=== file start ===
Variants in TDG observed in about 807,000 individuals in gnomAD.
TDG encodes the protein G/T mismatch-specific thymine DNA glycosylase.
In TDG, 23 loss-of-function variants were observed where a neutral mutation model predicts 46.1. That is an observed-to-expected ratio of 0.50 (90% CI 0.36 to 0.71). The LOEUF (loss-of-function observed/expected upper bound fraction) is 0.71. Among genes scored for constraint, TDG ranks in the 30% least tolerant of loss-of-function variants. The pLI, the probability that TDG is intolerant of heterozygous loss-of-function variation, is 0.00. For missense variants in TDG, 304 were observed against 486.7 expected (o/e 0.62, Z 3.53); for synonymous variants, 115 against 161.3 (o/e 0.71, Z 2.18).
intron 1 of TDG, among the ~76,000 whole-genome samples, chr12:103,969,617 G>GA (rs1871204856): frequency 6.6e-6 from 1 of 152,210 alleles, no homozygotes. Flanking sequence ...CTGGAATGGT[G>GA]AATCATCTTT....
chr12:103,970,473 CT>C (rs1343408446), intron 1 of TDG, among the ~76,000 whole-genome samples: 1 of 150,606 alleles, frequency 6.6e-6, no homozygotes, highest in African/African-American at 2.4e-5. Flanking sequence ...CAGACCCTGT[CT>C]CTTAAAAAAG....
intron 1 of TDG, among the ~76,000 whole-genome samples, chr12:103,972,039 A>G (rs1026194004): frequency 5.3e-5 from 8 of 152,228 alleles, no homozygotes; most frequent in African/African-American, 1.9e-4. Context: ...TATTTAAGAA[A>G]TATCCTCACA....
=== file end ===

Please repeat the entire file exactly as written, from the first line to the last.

Variants in TDG observed in about 807,000 individuals in gnomAD.
TDG encodes the protein G/T mismatch-specific thymine DNA glycosylase.
In TDG, 23 loss-of-function variants were observed where a neutral mutation model predicts 46.1. That is an observed-to-expected ratio of 0.50 (90% CI 0.36 to 0.71). The LOEUF (loss-of-function observed/expected upper bound fraction) is 0.71. Among genes scored for constraint, TDG ranks in the 30% least tolerant of loss-of-function variants. The pLI, the probability that TDG is intolerant of heterozygous loss-of-function variation, is 0.00. For missense variants in TDG, 304 were observed against 486.7 expected (o/e 0.62, Z 3.53); for synonymous variants, 115 against 161.3 (o/e 0.71, Z 2.18).
intron 1 of TDG, among the ~76,000 whole-genome samples, chr12:103,969,617 G>GA (rs1871204856): frequency 6.6e-6 from 1 of 152,210 alleles, no homozygotes. Flanking sequence ...CTGGAATGGT[G>GA]AATCATCTTT....
chr12:103,970,473 CT>C (rs1343408446), intron 1 of TDG, among the ~76,000 whole-genome samples: 1 of 150,606 alleles, frequency 6.6e-6, no homozygotes, highest in African/African-American at 2.4e-5. Flanking sequence ...CAGACCCTGT[CT>C]CTTAAAAAAG....
intron 1 of TDG, among the ~76,000 whole-genome samples, chr12:103,972,039 A>G (rs1026194004): frequency 5.3e-5 from 8 of 152,228 alleles, no homozygotes; most frequent in African/African-American, 1.9e-4. Context: ...TATTTAAGAA[A>G]TATCCTCACA....